The Growing Role of CROs in Clinical Trials
In today’s environment, drug developers must decide whether to leverage a contract research organization (CRO) partner even earlier in their development timelines. Check out four key factors to consider when selecting a CRO partner, from the editors of the Insights Hub at PPD, part of Thermo Fisher Scientific.
It’s estimated that nearly three out of every four clinical trials today are conducted by contract research organizations (CROs), highlighting just how much sponsors value – and rely on – the work that CROs perform. Meanwhile, 2021 was one of the best years on record for biotech, as venture capitalists increased investments into the biotech sector by 60 percent in January 2021 compared to a year prior.
As clinical trials become more complex, sponsors are seeking business partnerships with a congruency in the management and prioritization of pipeline.
In our conversations with biotech organizations over the last several months, it’s become increasingly evident that the rising number of clinical trials – and increasing popularity of outsourcing to CROs – means that the industry is feeling the effects of resource constraints more than ever before.
As a result, sponsors must decide whether to leverage a CRO partner even earlier in their drug development timelines to ensure proper planning for these constraints.
How a CRO Accelerates Clinical Development
Clinical trials are becoming increasingly complex as the industry evolves. From oncology clinical research to vaccine development, successfully executing and overseeing the many moving parts of a clinical trial may become overwhelming for sponsors to handle alone.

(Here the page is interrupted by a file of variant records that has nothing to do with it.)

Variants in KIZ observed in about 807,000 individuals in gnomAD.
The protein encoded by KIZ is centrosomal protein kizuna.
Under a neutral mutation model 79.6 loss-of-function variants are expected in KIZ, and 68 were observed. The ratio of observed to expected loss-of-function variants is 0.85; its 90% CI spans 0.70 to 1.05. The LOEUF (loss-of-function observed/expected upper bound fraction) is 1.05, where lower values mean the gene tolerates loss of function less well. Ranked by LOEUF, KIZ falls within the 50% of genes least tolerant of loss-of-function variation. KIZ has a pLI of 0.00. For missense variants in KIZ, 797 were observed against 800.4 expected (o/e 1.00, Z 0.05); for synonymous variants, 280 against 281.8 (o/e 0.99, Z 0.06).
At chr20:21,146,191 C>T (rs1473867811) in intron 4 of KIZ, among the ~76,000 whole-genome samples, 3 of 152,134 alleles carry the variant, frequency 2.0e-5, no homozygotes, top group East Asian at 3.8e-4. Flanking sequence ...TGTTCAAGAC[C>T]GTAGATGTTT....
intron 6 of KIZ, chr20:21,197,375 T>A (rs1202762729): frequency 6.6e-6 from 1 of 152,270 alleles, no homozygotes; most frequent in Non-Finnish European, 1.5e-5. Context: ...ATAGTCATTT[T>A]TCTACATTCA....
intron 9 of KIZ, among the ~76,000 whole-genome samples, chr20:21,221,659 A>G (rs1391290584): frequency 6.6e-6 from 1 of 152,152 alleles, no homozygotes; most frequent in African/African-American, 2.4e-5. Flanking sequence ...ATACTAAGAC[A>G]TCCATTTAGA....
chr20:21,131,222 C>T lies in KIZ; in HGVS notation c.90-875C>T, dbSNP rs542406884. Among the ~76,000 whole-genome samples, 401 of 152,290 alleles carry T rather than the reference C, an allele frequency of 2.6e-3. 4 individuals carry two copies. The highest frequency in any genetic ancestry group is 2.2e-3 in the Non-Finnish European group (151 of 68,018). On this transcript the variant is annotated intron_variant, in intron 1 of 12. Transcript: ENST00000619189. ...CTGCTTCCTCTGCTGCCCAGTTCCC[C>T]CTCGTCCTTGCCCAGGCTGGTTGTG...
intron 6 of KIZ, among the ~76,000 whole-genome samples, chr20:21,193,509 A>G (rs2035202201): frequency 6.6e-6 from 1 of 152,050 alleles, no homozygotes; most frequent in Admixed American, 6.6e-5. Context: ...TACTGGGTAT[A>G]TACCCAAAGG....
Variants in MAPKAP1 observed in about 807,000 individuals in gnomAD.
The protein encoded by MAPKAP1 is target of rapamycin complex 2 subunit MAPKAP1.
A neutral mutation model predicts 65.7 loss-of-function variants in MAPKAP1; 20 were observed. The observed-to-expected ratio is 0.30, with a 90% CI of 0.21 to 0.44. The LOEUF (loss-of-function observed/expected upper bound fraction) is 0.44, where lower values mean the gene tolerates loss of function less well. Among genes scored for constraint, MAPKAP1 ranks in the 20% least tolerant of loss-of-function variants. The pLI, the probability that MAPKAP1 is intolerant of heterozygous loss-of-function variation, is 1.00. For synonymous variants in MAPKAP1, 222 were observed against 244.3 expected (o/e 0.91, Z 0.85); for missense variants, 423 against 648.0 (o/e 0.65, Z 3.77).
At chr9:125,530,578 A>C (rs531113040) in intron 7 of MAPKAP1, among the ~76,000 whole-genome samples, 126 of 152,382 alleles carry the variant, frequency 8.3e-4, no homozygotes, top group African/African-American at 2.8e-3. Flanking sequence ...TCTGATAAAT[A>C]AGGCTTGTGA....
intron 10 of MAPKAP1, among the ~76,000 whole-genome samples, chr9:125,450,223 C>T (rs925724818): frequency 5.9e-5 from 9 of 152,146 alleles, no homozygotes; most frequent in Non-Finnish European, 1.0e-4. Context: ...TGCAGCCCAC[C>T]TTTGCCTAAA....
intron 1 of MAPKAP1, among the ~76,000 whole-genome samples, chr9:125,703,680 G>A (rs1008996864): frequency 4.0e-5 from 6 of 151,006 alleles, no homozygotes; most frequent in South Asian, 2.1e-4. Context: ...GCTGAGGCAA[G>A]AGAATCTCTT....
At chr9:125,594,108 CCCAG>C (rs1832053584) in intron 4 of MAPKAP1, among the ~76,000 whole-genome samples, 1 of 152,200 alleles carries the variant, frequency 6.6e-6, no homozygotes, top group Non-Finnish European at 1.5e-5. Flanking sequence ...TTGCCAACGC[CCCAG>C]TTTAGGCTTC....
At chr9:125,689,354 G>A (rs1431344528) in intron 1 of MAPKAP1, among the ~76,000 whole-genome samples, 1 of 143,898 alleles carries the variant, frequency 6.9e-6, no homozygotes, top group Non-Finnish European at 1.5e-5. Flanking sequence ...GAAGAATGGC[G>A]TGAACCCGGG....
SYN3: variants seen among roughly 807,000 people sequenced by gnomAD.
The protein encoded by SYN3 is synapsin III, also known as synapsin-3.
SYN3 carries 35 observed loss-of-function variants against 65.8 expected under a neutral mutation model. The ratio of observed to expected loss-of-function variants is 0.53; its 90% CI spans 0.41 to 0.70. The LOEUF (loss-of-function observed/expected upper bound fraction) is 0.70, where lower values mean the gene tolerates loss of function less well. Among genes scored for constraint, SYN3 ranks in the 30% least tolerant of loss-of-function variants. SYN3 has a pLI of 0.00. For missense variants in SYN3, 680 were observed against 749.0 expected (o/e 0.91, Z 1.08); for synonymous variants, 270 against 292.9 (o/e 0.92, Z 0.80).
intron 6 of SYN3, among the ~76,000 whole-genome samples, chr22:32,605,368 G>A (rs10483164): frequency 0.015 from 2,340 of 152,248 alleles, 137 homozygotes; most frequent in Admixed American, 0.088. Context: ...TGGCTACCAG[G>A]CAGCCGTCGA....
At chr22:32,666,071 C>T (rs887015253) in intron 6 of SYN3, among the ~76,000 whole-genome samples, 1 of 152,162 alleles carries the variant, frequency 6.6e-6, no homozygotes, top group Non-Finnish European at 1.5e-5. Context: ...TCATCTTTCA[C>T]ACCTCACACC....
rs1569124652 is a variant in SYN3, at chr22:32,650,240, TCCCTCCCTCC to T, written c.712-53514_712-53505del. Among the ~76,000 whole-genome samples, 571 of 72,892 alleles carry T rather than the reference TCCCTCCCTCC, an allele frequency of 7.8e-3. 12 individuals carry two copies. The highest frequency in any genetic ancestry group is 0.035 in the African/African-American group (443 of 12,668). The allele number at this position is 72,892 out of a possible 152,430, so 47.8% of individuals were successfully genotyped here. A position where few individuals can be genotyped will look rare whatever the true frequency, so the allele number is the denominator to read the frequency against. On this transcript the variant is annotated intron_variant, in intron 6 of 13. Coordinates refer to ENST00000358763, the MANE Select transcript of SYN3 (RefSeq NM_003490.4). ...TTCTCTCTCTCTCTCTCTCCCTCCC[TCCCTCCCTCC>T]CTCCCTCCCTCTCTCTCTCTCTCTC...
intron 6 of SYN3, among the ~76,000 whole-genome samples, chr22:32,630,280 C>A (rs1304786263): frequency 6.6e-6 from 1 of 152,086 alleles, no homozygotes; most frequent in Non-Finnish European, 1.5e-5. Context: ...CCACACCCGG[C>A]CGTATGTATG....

CROs support the pharmaceutical, biotechnology and medical device industries through research services based on a contractual agreement between the sponsor and the CRO – and surveys show that CROs improve trial efficiency and increase productivity.
As a trusted extension of a drug developer’s team, CROs have the capacity to complete the day-to-day research activities that are either not possible or too expensive to achieve in-house. That can range from designing the clinical trial itself to bioanalytical testing and regulatory consultation.
CROs in Action
In today’s competitive landscape, with early decision and engagement, CROs enable their customers to navigate and overcome resource challenges.
Here are some recent examples:
- A large pharmaceutical organization was leading a critical and time-sensitive COVID-19 therapeutic program. The organization needed its study startup timeline to be incredibly short without sacrificing the detailed tracking of patient specimens. By utilizing a CRO, study startup began in less than 10 business days. In addition, the CRO initiated a formalized oversight process to safeguard irreplaceable SARS-CoV-2 samples, providing the sponsor with enhanced chain of custody at every step.
- Amid a pause in clinical studies during the pandemic, sponsors needed a way to ensure trial continuity while keeping patients safe. Forward-thinking CROs used their experience, operational capabilities and regulatory knowledge to quickly deploy innovative, digital strategies – such as a visual communication tool to facilitate investigator and patient interaction – to safely continue data collection.